On the morning of March 11th, NASA’s new boosters for its Space Launch System rocket passed their first major test. Orientated horizontally, the boosters fired successfully for two minutes, vividly casting fiery patterns within the waking light of the Utah test zone. One day, these boosters will be orientated vertically and attached to a fully constructed SLS rocket. This time, two minutes of thrust will create a different visual spectacle: a spaceship piercing upwards through the Florida air, taking a manned Orion capsule to an asteroid or even Mars.
NASA is clearly stating that the SLS is its future, but at the same time, the organisation seems unable to escape its own history. Fundamentally, these rocket boosters are heavily altered versions of those used in the terminated Space Shuttle program. NASA’s organisational structure hasn’t changed much since the space race either: communication and transportation within a fragmented nationwide network of bases slows down progress on an already ambitious goal.
While NASA ended its Space Shuttle program, the private space industry began its monumental rise. A leading company is SpaceX, which was founded in 2002. Their pace is simply breakneck: by 2012 they had already docked their Dragon spaceship with the ISS. NASA seeded capital to SpaceX to help them develop, and while this may seem like a conflict of interests, the logic is very easy to understand. It costs NASA about $70 million per astronaut for a trip to the ISS on a Russian Soyuz rocket. SpaceX believes they can offer NASA the same service for just $20 million dollars.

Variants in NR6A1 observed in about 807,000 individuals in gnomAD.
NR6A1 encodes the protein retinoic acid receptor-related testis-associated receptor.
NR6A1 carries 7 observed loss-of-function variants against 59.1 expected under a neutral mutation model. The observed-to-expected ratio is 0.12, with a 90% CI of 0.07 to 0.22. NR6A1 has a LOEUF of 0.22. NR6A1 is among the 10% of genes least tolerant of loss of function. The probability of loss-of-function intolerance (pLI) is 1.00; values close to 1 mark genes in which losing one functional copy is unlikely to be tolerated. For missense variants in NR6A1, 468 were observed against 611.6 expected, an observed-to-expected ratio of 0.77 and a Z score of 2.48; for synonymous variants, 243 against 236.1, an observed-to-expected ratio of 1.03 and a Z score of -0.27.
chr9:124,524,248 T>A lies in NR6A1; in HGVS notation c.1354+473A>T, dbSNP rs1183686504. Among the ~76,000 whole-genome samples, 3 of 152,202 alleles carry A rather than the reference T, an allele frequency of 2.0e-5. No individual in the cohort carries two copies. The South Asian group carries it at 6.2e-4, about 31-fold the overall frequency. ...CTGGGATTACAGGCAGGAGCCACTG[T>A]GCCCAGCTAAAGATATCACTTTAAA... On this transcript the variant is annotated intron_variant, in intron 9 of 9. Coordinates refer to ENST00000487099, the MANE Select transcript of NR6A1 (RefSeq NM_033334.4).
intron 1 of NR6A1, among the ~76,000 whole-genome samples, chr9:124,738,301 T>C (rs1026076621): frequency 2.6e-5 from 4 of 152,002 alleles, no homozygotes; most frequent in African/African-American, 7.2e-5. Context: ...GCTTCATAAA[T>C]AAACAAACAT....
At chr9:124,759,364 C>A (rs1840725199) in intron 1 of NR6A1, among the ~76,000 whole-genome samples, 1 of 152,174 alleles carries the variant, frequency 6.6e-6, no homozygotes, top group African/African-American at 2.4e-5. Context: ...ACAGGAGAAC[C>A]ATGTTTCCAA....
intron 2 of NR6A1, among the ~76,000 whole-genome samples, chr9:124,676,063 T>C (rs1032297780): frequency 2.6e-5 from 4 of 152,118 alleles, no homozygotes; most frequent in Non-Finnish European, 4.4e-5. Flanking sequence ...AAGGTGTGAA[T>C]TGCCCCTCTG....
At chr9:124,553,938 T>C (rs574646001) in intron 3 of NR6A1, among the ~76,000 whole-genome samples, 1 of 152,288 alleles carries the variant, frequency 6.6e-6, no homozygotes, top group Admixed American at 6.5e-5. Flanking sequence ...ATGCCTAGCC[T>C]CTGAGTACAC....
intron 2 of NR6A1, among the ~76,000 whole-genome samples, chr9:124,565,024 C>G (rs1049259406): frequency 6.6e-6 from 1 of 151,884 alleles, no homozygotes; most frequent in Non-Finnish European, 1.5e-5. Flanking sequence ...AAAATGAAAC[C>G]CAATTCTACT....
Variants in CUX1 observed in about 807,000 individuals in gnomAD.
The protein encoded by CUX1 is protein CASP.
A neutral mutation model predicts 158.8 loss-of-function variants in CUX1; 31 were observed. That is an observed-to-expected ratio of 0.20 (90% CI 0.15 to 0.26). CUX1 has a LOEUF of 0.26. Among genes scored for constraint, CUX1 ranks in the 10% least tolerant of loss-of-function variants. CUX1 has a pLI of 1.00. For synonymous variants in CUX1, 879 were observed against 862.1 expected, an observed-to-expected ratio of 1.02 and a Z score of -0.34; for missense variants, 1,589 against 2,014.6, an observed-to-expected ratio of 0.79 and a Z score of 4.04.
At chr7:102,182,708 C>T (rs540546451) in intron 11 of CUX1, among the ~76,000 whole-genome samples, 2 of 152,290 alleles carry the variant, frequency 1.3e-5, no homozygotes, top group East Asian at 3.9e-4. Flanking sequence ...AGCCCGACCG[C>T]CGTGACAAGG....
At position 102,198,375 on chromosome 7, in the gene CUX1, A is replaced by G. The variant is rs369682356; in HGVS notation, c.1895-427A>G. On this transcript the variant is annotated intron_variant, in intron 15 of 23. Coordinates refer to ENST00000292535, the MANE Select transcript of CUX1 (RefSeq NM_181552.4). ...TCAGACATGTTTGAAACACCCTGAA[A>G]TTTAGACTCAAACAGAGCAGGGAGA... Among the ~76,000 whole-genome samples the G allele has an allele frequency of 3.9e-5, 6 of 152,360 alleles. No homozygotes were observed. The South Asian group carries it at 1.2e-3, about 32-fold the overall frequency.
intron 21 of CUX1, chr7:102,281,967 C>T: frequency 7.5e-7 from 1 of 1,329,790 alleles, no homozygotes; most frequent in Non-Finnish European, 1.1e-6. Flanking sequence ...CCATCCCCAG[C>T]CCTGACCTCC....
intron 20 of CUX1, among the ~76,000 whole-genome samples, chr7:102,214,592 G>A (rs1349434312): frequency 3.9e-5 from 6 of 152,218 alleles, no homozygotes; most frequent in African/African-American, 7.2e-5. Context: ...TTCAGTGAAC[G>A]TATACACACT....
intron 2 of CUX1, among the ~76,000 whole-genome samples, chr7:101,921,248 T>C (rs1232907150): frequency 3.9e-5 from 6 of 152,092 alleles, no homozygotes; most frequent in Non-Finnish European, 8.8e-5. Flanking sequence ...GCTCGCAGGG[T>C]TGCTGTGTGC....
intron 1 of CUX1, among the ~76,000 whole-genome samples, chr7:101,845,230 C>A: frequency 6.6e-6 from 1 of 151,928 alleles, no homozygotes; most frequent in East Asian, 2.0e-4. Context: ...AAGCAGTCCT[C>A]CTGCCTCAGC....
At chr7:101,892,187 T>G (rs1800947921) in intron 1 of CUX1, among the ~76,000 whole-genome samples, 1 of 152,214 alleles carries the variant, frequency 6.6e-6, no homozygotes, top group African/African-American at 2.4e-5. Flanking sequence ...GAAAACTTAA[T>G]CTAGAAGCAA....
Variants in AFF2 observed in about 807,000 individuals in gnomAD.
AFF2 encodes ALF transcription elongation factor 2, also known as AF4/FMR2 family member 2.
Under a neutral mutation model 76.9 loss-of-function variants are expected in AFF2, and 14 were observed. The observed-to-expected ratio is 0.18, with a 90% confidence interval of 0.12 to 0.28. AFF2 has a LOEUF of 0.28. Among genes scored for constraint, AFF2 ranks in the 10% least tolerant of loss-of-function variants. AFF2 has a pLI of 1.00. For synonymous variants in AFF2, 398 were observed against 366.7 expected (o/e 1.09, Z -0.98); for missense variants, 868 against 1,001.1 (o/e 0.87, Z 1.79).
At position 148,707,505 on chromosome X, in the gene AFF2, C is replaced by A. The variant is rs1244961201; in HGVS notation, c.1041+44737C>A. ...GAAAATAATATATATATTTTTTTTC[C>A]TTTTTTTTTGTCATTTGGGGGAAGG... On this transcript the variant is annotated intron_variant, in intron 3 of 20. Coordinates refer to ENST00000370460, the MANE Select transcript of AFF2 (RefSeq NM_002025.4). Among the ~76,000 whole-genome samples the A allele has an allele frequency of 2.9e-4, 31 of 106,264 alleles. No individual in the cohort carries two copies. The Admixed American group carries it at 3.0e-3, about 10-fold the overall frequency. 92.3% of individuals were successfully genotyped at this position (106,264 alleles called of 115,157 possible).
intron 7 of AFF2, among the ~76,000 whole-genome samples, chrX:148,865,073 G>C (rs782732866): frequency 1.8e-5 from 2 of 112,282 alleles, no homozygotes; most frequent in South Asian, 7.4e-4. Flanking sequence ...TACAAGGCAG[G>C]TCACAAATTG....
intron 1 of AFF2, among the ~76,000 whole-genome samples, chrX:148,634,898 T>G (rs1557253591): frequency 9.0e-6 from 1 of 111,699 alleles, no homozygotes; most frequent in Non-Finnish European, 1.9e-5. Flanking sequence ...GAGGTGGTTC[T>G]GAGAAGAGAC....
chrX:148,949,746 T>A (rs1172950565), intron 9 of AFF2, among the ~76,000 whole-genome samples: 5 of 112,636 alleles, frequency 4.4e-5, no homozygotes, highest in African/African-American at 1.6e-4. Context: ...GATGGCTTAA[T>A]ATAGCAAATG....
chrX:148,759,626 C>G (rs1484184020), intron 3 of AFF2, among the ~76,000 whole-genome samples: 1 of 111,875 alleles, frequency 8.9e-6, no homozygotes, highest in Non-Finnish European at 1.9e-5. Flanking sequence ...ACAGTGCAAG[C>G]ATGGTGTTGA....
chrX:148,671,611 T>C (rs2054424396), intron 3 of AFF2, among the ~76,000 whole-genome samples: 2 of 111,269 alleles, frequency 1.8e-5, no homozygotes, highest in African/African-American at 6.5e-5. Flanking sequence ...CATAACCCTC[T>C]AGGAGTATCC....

Now, SpaceX is moving from a space cargo and passenger service to becoming more interested in exploration and Mars. A crucial part of NASA’s SLS future is the Orion capsule. The module fits four astronauts, and it’s NASA’s first capsule that can dock itself automatically with the ISS. SpaceX have their own designs: their Dragon V2 can take seven crew members, and the interior is defined by sculptural shapes portrayed in futuristic golds and whites, mood lit with purple LEDs. It too can automatically dock with stations, but it also has 3D printed engines that allow it to vertically glide back down onto land after a mission – a process rather more elegant than Orion’s less graceful splashdowns.
There’s a sense that people are seeing these private companies as the true pioneers of space exploration instead of NASA. SpaceX doesn’t use as much tax money, and has successfully created an excitement that has been absent since the end of the Apollo missions. Currently, MarsOne is taking the steps to build a human colony on Mars – something NASA has never done. Yet, this is not because of governmental ineffectiveness. A government agency like NASA have a duty to their citizens, and would only place a population on another planet knowing that they could get them home. NASA may move slower, but I think I trust them more.